Defensive Line C+
Utah rushed for 275 yards on 60 carries on the night for an average of 4.6 yards per carry. While technically, they outperformed Utah’s defensive line, they still yielded too may yards to be considered “successful”. Oregon State’s defensive lineman were in the Utah backfield throughout of the majority of the game, but often failed to make the tackle, allowing the Utah player to break free and gain yards that should have never been there. It’s positive to see Oregon State’s line being where they need to be, but the tackles have to be made when they have the opportunity.
Standout of the week: DE Kalani Vakameilalo, with 7 tackles, Vakameilalo was consistently wreaking havoc in the backfield for Utah, he led the defensive line in tackles, and even when he wasn’t making the play, he was consistently taking up gaps and creating push to force the running back away from his desired hole.
There were a lot of missed tackles, and missed opportunities from the linebacking corps this Saturday, but the majority of the huge plays were also done by the same group of players. Manase Hungalu, Bright Ugwoegbu and Caleb Saulo were a force on the night, with each cracking double digit tackles. This is an athletic bunch of guys that seem to get better each week, and are definitely a strong point for this Beaver defense.
Standout of the week: OLB Bright Ugwoegbu. As in the previous weeks, the standout linebacker of the week could’ve gone to any of the three aforementioned players. I chose Ugwoegbu because he was the player that in addition to his statistical performance (11 tackles, 2 tfl, 1 sack and 1 forced fumble), he was always around the ball, or making an impact on the play.
Defensive Backs B-
Due to the weather, and therefore a lack of a passing game, its hard to say much about this group of players. Utah only completed four passes on the night, so when the occasion came, the defensive backs did a good job of not letting receivers come open for easy completions.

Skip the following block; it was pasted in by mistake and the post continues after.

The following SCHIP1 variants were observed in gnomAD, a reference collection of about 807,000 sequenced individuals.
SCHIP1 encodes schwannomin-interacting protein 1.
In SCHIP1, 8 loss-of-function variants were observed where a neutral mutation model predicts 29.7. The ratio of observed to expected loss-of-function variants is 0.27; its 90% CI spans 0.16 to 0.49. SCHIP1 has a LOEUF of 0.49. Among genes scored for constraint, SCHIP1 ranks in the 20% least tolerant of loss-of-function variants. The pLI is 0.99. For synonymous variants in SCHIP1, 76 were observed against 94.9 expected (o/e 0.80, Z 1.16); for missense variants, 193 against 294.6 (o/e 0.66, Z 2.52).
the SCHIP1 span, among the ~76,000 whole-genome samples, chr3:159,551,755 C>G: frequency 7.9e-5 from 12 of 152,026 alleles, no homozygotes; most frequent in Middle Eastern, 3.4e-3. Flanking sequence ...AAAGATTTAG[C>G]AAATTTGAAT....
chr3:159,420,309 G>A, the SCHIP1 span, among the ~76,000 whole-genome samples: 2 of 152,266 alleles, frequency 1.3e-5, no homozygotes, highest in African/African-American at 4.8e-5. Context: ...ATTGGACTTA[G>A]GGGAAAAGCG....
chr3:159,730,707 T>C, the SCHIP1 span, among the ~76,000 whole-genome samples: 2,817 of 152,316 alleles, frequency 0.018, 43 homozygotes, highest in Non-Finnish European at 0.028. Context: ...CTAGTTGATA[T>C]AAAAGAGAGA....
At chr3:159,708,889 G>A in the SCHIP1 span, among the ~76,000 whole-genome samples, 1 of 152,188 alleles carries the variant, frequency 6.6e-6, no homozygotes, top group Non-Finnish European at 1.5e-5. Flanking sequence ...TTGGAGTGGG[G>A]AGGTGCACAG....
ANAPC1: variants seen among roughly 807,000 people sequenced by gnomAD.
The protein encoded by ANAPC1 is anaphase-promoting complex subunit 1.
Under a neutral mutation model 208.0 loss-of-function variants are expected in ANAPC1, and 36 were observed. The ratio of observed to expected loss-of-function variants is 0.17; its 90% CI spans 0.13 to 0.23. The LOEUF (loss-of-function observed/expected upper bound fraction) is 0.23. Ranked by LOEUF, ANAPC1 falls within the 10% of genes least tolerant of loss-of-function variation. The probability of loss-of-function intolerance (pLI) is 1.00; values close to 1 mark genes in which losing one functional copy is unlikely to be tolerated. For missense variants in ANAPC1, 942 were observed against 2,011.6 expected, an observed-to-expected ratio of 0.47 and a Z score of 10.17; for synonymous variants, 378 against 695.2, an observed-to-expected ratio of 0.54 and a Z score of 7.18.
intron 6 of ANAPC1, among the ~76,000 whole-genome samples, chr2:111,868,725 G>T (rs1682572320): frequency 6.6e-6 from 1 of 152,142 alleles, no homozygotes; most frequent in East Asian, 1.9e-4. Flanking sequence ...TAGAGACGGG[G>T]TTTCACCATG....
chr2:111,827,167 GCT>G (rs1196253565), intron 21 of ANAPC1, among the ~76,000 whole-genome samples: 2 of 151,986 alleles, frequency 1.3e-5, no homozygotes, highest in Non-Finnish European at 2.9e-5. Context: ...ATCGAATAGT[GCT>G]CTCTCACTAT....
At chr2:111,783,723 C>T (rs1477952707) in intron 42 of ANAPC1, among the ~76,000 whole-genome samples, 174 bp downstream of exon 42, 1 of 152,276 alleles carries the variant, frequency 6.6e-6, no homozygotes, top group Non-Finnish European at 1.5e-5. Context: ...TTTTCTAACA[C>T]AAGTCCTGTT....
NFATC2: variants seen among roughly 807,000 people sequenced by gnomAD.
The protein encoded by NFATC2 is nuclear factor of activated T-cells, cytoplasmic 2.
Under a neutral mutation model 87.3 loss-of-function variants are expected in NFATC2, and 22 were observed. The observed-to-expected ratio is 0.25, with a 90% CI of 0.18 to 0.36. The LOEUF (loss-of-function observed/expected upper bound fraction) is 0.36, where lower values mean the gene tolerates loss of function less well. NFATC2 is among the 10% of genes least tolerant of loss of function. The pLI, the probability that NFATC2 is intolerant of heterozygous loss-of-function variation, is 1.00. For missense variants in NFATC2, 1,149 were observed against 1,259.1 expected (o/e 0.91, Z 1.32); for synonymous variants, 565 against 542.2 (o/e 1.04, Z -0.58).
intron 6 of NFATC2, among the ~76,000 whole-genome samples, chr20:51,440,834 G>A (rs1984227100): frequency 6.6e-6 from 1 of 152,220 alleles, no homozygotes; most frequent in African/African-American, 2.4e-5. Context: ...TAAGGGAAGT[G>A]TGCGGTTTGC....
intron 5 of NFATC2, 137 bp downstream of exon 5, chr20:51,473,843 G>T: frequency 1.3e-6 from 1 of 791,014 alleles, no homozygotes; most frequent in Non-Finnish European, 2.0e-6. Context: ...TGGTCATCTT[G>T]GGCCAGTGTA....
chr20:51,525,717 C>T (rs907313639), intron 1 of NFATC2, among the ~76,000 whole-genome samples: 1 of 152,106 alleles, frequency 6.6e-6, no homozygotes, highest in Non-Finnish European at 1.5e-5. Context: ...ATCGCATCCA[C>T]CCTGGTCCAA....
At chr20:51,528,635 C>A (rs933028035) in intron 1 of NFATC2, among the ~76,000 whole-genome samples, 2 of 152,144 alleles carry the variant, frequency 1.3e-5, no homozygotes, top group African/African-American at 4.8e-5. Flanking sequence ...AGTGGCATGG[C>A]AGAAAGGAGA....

Standout of the week: Safety Devin Chappell (8 tackles, 2 tfl, 1 forced fumble, 1 pass breakup). Chappell delivered a huge hit on a screen pass to Cory Butler-Byrd, breakup up the pass attempt and forcing a fumble that Oregon State would end up recovering. A former walk-on, Chappell has become one of the most exciting players to watch on this Beaver defense.
Special Teams F
Were the elements a factor? Sure. Should the Oregon State special teams unit have performed much, much better? Definitely. An extremely errant snap for safety, a shanked punt, and two botched field goals (one of which was late in the game when conditions were much better, and was a rather short attempt) should not have happened. No one is expecting any over-acheivments in weather like that, but they should still be expected to complete the basic, routine elements of special teams.
Standout of the week: None. There weren’t any real opportunities for the return game, and the rest of the special teams unit didn’t fare very well. This needs to be fixed, as playing in Corvallis, players are going to need to perform in the rain and wind.
Oregon State hung around with the #21 team in the nation on Saturday. The Beavers still need to figure out some sort of passing attack, as like I said last week, you won't win many games without one. Despite the many self-inflicted wounds, Oregon State had a chance to win late, but couldn’t complete the comeback. There are definite positive signs of a program that is rising up, and we should be excited to see where we go from here. A tough match-up against national powerhouse University of Washington in Seattle is up next. Look for the Beavers to continue to improve whenever possible.